New York, New York: that’s one hell of a shadow you cast. The classic image of the city — that dark and terrifying Sodom where lawlessness and creativity join in a thrilling dance, the place where anything awful is possible and where people get off on that very possibility — it looms over the psyche of alienated teenagers everywhere. The promise of so much chaos and unchecked weirdness testifies to a strange kind of romance and freedom. Make it there and you can make it anywhere, sure, but if you make it there — as in, if you can physically get there — you won’t feel at home anywhere else. You don’t have to have ever heard of Wayne County or Lydia Lunch or even The Velvet Underground & Nico to understand and be compelled by the allure of urbanity.
Which might be why all of the best New York records these days are being made by Southerners, those perennial outsiders who still want to belong. Texas transplants Parquet Courts scored big at the end of last year with Light Up Gold, a masterful slab of post-punk that took its location in time and space seriously and was unafraid to ground itself in both the geographic and aesthetic particulars of the city. And now we have Deerhunter, that amorphous group of noise-waifs from Atlanta, and Monomania, a brittle record whose straight-to-tape recording doesn’t even bother trying to contain its own paranoia. It’s the sound of that wild, churning creativity curdling into nightmare.
Monomania is culled almost entirely from a massive archive of tapes created by head Hunter Bradford Cox while house-sitting for Fiery Furnaces’ Eleanor Friedberger. In a recent interview with Pitchfork, Cox tells Larry Fitzmaurice that he’d spend his nights drinking Jamaican rum with MGMT, then cabbing it back to Friedberger’s place to record late into the night. “There was some bad, personal shit that really set me back,” Cox says. “I made a lot of music that year, but I stopped caring if it was ever heard.”
The songs that make up Monomania were recorded a year or so later with all of Deerhunter at Cox’s back, and the album reflects a distinct urban claustrophobia that’s both geographical and emotional. In “Leather Jacket II,” guitars spill over one another, tripping in and out of rhythm. Someone shouts something about waking the neighbors before the weight of the song’s momentum pushes through its middle, burying the rhythm track in a rubble of noise. Elsewhere, the group smuggle in a counterfeit of Blues Image’s “Ride Captain Ride,” calling it “Dream Captain” and laughing as they highlight its deficiencies. It would seem like a cruel joke on the whole grooving gig of happy seventies rock if it weren’t so damn catchy — it practically shoves you into the discomfort of singing along to a line as gross as “Dream Captain/Take me on your ship/Dream Captain/Take me if you wish.”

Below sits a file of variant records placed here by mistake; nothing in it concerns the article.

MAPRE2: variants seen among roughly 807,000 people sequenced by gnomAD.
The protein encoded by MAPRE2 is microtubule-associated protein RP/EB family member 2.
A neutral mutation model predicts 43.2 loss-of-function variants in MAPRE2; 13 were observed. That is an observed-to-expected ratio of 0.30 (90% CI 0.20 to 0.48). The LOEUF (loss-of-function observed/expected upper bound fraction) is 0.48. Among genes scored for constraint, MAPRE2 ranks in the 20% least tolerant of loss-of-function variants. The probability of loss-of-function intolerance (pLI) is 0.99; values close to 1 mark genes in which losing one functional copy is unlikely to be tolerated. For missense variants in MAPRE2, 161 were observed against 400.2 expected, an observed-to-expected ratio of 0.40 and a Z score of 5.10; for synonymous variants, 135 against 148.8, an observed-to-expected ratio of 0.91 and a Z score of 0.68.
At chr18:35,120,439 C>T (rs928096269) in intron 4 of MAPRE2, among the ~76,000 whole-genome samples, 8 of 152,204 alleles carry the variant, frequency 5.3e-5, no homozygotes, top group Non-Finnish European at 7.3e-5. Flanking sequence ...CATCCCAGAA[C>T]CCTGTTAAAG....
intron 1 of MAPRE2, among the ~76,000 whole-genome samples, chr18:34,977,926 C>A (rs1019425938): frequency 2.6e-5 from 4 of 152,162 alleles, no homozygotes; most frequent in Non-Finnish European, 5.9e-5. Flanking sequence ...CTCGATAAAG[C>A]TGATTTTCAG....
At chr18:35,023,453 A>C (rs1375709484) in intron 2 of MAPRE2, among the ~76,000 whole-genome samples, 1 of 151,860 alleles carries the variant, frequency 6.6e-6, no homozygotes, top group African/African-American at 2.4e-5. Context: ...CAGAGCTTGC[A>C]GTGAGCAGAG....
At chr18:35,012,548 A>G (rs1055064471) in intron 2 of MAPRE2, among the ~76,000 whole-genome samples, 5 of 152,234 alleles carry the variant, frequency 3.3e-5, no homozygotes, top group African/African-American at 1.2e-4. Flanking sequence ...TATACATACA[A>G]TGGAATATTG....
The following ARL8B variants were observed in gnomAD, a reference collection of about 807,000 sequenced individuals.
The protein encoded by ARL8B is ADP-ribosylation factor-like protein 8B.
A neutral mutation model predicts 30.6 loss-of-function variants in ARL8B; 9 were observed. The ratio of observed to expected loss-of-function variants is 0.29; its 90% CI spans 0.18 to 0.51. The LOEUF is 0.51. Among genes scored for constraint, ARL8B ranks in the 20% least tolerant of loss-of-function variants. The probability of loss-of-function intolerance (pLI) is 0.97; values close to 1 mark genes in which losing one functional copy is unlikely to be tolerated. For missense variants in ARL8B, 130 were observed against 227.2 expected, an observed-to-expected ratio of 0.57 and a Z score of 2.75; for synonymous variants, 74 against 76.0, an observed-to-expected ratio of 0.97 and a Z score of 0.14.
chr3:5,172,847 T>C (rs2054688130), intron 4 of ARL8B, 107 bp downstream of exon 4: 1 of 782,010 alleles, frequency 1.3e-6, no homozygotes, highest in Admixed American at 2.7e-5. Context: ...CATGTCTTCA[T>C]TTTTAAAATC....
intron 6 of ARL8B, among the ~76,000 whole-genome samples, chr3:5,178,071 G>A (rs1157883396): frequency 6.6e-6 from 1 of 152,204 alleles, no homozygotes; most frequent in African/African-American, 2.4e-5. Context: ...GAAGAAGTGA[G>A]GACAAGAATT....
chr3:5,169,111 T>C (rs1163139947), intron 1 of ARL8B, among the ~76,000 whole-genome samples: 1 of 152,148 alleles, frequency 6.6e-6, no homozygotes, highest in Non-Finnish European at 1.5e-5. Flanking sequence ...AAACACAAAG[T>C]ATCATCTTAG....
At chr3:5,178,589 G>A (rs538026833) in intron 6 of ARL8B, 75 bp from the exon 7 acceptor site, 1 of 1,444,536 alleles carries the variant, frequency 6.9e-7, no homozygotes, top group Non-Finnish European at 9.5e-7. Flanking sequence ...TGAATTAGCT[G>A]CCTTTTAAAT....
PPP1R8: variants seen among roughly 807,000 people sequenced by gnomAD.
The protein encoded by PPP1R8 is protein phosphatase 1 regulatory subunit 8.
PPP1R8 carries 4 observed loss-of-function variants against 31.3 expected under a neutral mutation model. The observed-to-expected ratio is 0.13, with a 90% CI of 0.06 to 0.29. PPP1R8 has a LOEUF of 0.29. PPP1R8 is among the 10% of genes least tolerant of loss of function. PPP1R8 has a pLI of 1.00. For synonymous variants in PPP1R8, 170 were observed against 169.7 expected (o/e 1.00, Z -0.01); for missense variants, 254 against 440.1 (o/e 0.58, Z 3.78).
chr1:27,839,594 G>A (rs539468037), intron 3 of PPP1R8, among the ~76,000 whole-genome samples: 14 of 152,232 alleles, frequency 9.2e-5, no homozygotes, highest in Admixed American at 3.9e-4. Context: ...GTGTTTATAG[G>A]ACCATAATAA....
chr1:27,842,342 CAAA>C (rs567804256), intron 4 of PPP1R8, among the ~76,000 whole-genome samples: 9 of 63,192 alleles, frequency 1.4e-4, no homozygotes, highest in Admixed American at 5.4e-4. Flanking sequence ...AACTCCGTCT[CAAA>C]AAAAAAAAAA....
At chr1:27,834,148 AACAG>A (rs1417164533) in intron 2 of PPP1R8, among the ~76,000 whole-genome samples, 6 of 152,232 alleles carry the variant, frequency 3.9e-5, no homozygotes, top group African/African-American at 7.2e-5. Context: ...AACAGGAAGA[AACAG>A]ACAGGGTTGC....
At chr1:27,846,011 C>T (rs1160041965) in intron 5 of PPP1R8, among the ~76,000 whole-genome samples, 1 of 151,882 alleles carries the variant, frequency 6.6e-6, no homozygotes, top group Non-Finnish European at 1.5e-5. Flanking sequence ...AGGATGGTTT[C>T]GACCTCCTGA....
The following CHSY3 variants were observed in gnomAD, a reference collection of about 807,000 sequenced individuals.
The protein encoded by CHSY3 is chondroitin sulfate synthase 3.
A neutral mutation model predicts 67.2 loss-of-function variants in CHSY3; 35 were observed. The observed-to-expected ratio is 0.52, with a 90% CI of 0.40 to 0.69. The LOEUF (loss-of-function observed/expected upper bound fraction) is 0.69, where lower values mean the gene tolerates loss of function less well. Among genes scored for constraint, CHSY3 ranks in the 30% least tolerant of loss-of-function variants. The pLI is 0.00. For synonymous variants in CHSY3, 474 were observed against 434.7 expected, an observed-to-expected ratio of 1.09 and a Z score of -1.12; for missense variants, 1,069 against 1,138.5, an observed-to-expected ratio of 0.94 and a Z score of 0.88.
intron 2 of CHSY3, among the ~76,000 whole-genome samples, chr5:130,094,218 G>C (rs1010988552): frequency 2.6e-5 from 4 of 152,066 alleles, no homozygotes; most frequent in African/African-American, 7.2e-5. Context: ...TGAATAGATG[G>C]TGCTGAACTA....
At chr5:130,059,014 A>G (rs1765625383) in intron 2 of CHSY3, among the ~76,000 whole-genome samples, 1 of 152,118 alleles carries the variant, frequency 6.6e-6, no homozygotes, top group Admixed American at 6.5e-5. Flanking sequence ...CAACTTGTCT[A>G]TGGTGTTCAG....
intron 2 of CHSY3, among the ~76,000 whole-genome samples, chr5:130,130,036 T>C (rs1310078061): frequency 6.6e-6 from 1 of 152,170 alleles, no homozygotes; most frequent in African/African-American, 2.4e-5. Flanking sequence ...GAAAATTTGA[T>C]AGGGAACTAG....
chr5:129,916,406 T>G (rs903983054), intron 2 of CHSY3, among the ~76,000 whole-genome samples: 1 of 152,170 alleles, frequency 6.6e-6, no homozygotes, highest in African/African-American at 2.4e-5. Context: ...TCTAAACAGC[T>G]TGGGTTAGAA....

But that’s what Monomania does again and again, returning to the wreckage at the intersection of irony and sincerity, smuggling in parts from one in the guise of the other. “Pensacola,” the album’s best song, is Deerhunter’s latest triumphal Strokes knockoff, but where those actual New Yorkers are at their best when slagging off any kind of attachment, Deerhunter one-up them before the song even begins. For Gulf Coasters, even those who’ve left the region, that Panhandle resort town is freighted with memories of childhood vacations or high-school and college spring breaks. For a certain type of person (one who, let’s say, Cox might not have shared space with comfortably in his Georgia high school), Pensacola has its own attendant escapist myth that’s not all that different in quality from the ones spawned by New York. It’s a raunchy paradise, too, and Cox, writing all alone in the living room of someone else’s Brooklyn dream, knows it. It’s strange to hear it buried there in the rubble of all those New York bricks, stranger still to hear it from my own apartment here in Chicago, as a Louisianan doing his best to pass as a cultured urbanite. How uneasy, and yet how at home, it makes me to hear Bradford Cox longing to hop a bus and escape to Pensacola. words/ m garner